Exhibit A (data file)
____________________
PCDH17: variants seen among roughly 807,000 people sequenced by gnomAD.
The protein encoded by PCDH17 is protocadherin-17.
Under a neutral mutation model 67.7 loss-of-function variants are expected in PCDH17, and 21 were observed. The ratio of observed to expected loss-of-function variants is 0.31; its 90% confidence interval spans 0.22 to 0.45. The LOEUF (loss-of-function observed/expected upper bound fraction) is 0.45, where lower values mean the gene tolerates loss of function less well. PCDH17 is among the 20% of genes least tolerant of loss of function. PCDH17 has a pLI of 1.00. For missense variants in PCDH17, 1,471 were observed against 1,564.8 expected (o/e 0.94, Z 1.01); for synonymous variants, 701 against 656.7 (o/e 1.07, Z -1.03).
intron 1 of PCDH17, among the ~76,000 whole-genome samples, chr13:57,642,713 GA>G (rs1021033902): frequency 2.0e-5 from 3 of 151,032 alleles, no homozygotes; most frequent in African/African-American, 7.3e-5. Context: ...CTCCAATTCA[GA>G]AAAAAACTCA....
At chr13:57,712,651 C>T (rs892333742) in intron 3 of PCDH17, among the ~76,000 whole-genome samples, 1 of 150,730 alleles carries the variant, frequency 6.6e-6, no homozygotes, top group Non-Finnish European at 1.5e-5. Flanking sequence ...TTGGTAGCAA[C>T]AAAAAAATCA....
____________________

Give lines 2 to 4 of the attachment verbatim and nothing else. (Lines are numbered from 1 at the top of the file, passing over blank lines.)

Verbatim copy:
The protein encoded by PCDH17 is protocadherin-17.
Under a neutral mutation model 67.7 loss-of-function variants are expected in PCDH17, and 21 were observed. The ratio of observed to expected loss-of-function variants is 0.31; its 90% confidence interval spans 0.22 to 0.45. The LOEUF (loss-of-function observed/expected upper bound fraction) is 0.45, where lower values mean the gene tolerates loss of function less well. PCDH17 is among the 20% of genes least tolerant of loss of function. PCDH17 has a pLI of 1.00. For missense variants in PCDH17, 1,471 were observed against 1,564.8 expected (o/e 0.94, Z 1.01); for synonymous variants, 701 against 656.7 (o/e 1.07, Z -1.03).
intron 1 of PCDH17, among the ~76,000 whole-genome samples, chr13:57,642,713 GA>G (rs1021033902): frequency 2.0e-5 from 3 of 151,032 alleles, no homozygotes; most frequent in African/African-American, 7.3e-5. Context: ...CTCCAATTCA[GA>G]AAAAAACTCA....